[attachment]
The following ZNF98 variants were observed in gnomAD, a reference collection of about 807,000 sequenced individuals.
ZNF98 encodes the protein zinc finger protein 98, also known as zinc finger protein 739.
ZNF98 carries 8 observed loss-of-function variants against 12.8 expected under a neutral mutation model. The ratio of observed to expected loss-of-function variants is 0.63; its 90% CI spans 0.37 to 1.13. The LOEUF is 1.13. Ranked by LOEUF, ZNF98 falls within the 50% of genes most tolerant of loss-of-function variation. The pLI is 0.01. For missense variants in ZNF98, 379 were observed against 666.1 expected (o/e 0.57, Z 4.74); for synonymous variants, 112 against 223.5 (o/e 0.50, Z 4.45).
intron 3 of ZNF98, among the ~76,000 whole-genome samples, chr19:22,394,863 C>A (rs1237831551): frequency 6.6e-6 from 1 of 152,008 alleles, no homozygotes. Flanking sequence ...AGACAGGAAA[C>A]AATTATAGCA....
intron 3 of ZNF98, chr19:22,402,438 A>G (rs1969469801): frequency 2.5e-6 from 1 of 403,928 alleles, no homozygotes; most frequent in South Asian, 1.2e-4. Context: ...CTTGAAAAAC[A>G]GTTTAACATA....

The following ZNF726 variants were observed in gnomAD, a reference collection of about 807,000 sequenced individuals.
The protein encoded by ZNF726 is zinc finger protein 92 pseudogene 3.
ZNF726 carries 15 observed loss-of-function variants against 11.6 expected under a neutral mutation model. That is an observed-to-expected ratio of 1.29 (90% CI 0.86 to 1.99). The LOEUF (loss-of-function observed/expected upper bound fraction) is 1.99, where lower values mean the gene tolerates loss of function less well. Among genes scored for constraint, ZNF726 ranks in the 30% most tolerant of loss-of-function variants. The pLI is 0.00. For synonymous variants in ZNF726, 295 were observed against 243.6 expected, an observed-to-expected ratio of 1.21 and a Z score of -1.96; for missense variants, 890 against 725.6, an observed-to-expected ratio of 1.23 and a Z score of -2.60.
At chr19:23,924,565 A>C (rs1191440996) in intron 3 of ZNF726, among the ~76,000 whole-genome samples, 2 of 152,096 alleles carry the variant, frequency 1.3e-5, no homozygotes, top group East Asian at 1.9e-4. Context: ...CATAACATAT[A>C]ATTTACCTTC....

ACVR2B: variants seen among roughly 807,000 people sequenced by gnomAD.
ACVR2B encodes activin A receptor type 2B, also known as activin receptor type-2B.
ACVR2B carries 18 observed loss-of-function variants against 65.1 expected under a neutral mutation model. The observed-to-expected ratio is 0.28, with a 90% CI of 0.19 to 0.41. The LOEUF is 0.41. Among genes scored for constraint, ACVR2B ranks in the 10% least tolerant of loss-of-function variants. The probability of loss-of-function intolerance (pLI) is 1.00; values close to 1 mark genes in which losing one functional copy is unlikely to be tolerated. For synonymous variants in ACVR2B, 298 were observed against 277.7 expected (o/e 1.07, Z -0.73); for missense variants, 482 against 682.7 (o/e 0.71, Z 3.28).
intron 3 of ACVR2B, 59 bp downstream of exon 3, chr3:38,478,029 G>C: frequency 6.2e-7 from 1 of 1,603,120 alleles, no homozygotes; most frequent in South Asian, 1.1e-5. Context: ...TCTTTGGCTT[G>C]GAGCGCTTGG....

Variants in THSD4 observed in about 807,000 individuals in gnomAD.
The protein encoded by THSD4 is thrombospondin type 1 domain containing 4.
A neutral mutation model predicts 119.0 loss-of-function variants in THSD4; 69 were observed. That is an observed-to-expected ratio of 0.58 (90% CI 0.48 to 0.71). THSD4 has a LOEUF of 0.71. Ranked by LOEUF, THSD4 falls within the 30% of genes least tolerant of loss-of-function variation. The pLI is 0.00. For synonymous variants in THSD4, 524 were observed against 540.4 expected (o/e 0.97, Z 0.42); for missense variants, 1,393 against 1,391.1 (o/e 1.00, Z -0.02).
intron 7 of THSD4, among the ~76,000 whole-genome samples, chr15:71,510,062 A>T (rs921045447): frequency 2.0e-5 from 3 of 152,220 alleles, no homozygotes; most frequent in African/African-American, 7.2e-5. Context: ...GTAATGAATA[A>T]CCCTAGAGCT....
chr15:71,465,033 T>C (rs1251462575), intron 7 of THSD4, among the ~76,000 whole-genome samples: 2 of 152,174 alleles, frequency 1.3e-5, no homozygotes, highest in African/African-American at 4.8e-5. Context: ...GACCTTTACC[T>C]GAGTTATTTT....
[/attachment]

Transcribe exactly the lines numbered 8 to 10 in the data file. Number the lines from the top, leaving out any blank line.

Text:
ZNF726 carries 15 observed loss-of-function variants against 11.6 expected under a neutral mutation model. That is an observed-to-expected ratio of 1.29 (90% CI 0.86 to 1.99). The LOEUF (loss-of-function observed/expected upper bound fraction) is 1.99, where lower values mean the gene tolerates loss of function less well. Among genes scored for constraint, ZNF726 ranks in the 30% most tolerant of loss-of-function variants. The pLI is 0.00. For synonymous variants in ZNF726, 295 were observed against 243.6 expected, an observed-to-expected ratio of 1.21 and a Z score of -1.96; for missense variants, 890 against 725.6, an observed-to-expected ratio of 1.23 and a Z score of -2.60.
At chr19:23,924,565 A>C (rs1191440996) in intron 3 of ZNF726, among the ~76,000 whole-genome samples, 2 of 152,096 alleles carry the variant, frequency 1.3e-5, no homozygotes, top group East Asian at 1.9e-4. Context: ...CATAACATAT[A>C]ATTTACCTTC....

ACVR2B: variants seen among roughly 807,000 people sequenced by gnomAD.